Mill Creek Restoration Project (MCRP) will receive a $50,000 Audubon Innovation Grant to delineate and recreate wetlands that have formed on sediment in the channelized sections of the urban waterway.
The grant was announced by MCRP Executive Director Robin Corathers during a tour of the Mill Creek with Nancy Stoner, acting assistant administrator with the U.S. Environmental Protection Agency's (U.S. EPA) Office of Water, highlighting the MCRP's work in to restore its degraded habitat.
The 90-minute tour highlighted Laughing Brook, a multi-purpose constructed wetland, public art, and environmental education project at Salway Park; an edible art garden at the Salway Native Species Nursery being tended by approximately 40 volunteers from project partner Duke Energy and MCRP staff; and the Freedom Tree Grove, highlighting Mill Creek's rich cultural history as a major route along the Underground Railroad.
In 1997, the national group American Rivers designated Mill Creek as the most endangered urban waterway in North America, having been degraded by channelization, habitat loss, industrial runoff and more than 100 combined sewer overflows (CSO).
The non-profit MCRP, founded in 1994, cautions that CSO elimination alone will not restore the waterway. Additional measures must be taken, including regeneration the riverine-riparian ecosystem in tandem with greenway trail development; public engagement and capacity building; and healthy people, schools and neighborhoods strategies.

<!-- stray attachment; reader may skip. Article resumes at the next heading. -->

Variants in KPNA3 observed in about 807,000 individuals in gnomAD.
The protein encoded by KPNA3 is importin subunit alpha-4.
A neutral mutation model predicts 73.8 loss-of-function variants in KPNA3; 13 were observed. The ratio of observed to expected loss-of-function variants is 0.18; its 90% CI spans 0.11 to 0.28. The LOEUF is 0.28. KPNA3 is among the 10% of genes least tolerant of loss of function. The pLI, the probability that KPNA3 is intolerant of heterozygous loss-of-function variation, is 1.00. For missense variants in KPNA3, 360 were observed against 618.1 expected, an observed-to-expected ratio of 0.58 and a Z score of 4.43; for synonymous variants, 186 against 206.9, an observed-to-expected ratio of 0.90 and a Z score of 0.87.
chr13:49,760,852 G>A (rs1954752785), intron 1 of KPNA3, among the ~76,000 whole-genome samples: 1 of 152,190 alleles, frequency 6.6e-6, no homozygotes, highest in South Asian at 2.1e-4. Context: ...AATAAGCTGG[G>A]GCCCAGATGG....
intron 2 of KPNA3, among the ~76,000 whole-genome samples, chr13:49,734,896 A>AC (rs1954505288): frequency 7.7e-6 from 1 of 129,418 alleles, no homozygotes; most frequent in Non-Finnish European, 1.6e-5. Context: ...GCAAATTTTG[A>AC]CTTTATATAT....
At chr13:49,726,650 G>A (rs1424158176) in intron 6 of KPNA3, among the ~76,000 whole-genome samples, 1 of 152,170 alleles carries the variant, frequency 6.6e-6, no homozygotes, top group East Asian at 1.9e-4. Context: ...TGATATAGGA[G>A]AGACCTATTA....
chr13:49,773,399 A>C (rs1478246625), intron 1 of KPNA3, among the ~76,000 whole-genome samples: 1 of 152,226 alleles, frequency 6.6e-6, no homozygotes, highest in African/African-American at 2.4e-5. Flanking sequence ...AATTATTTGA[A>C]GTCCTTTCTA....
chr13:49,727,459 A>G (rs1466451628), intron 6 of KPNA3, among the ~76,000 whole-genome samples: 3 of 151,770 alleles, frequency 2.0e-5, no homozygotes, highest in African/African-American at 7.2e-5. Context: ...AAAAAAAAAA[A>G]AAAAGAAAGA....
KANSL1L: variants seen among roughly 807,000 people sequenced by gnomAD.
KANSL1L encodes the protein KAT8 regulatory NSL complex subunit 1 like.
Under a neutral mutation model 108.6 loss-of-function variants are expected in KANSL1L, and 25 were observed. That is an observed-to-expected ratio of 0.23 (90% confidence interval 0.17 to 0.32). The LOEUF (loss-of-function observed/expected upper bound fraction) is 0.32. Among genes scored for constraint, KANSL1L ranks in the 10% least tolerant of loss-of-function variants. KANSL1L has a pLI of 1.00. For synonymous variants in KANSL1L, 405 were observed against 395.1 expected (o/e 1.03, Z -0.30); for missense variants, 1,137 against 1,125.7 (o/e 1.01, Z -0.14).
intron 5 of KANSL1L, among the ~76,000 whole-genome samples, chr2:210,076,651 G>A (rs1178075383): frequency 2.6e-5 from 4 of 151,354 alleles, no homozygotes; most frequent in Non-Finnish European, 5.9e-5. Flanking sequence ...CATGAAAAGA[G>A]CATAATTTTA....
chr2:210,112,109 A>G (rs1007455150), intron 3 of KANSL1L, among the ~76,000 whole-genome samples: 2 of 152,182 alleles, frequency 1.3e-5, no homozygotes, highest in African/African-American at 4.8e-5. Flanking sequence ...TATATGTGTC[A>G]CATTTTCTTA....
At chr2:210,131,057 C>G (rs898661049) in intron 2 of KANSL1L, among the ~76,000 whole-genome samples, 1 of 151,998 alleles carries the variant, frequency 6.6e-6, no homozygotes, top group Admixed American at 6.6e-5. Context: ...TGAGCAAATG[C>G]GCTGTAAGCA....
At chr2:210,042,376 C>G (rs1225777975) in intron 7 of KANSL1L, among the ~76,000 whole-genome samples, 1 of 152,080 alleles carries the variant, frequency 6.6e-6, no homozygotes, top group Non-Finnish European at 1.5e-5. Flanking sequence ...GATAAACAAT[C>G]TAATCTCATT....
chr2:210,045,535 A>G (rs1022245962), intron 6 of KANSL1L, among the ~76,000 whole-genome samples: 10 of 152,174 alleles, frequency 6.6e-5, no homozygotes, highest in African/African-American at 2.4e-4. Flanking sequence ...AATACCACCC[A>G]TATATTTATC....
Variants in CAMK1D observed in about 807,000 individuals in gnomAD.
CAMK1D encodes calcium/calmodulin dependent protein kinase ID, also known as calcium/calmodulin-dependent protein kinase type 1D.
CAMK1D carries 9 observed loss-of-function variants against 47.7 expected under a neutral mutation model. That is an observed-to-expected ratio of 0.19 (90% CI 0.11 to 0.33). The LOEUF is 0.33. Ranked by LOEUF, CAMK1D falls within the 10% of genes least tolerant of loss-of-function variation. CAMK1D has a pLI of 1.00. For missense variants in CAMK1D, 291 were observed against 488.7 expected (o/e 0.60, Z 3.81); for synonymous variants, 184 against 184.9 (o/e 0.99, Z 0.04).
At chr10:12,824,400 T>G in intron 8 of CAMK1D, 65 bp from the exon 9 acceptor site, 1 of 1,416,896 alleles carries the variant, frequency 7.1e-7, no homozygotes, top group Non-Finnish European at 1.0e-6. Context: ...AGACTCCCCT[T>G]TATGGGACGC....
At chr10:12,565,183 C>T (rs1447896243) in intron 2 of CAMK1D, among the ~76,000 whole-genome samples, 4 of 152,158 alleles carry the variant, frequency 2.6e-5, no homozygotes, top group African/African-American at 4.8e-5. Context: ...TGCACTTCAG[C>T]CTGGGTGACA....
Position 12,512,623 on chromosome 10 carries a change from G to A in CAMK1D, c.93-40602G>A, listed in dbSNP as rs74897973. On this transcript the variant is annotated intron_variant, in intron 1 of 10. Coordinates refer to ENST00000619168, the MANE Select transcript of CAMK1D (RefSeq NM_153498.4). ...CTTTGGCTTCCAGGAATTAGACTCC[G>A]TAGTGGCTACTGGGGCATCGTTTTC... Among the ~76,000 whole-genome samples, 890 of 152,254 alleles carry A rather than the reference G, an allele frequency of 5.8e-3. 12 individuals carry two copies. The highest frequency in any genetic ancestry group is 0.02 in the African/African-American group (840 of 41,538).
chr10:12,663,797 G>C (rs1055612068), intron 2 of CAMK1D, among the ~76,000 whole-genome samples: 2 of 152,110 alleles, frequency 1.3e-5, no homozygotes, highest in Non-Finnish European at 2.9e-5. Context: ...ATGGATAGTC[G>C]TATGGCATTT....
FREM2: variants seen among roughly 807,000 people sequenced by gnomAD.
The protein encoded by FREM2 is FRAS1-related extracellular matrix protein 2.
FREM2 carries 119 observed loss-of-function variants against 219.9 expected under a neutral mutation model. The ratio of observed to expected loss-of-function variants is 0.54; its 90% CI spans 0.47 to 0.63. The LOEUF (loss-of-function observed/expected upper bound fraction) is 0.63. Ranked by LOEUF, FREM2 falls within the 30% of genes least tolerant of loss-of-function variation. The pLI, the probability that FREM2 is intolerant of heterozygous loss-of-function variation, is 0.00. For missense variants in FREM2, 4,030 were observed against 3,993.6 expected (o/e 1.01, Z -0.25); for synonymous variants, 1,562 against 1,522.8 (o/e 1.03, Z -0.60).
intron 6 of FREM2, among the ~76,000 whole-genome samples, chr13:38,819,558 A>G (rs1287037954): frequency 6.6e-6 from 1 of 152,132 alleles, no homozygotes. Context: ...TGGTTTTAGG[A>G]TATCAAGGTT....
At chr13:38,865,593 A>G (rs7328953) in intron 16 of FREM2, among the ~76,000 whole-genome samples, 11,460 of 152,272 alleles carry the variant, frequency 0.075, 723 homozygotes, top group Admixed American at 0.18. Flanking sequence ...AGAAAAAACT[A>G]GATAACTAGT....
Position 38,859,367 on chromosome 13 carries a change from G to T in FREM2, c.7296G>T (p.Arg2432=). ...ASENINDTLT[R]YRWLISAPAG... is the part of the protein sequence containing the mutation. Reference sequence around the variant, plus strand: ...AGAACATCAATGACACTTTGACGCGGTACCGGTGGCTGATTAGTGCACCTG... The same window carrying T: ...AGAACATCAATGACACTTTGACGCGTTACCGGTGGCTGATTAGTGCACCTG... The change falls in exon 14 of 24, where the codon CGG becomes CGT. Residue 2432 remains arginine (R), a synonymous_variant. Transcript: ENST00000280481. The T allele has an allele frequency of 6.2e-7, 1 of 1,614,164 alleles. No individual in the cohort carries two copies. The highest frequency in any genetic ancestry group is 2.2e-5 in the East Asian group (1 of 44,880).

The U.S. EPA has provided funding for some of these efforts, including stormwater grants and environmental education grants that have helped fund Laughing Brook, the Freedom Tree Grove, a River Resource Economics Study, and service learning installations at local schools.
"This is the kind of thing that we're all about, so we're very happy to partner with you on this project," Stoner said.
Many of these urban waterways are located in heavily industrialized areas, meaning that many of their surrounding communities are low-income.
"All of these communities have resources that have been degraded," she said. "We'll always have issues. But that doesn't mean that the community doesn't value urban rivers."
Encouraging the community to value the resource requires improving public access.
The main initiative to improve that access is the Mill Creek Greenway and Trail, envisioned as a 28-mile multi-use trail from the creek's headwaters in Liberty Township to a planned park on the Ohio River, where it would tie into the Ohio River Trail.
University of Cincinnati Applied Economics Research Institute concluded that the City of Cincinnati's 12.5-mile portion of the trail would create an economic impact of $52.18 million and at least 445 jobs. So far, 3.5 miles, from Winton Road to the Mill Creek Road bridge, have been completed.
A festival and health fair celebrating the trail will be held next month.
"Rivers are a magnet," Stoner said.
Stoner tours rain garden
While in town, Stoner also met with representatives from the Metropolitan Sewer District of Greater Cincinnati's (MSD) to learn about its efforts to find sustainable solutions to the City's combined sewer system problem.
One of her stops was the rain garden at St. Francis Court Apartments on Queen City Avenue, created on two vacant parking lots. The rain garden will serve to retain and cleanse groundwater runoff and provide a natural habitat for birds and insects.
"MSD is proud to be included in this visit to Cincinnati by one of U.S. EPA's top officials," said MSD Director Tony Parrott in a prepared release. "We believe our programs can be a model for other communities across the country, and we are pleased to share them with policymakers at all levels."
Previous reading on BC:
MCRP makes pitch for Mill Creek trail funds (11/17/09)
Mill Creek greenway project wins $500K grant (10/12/09)
Report: Mill Creek trail could create 445 jobs, $52 million economic impact (9/8/09)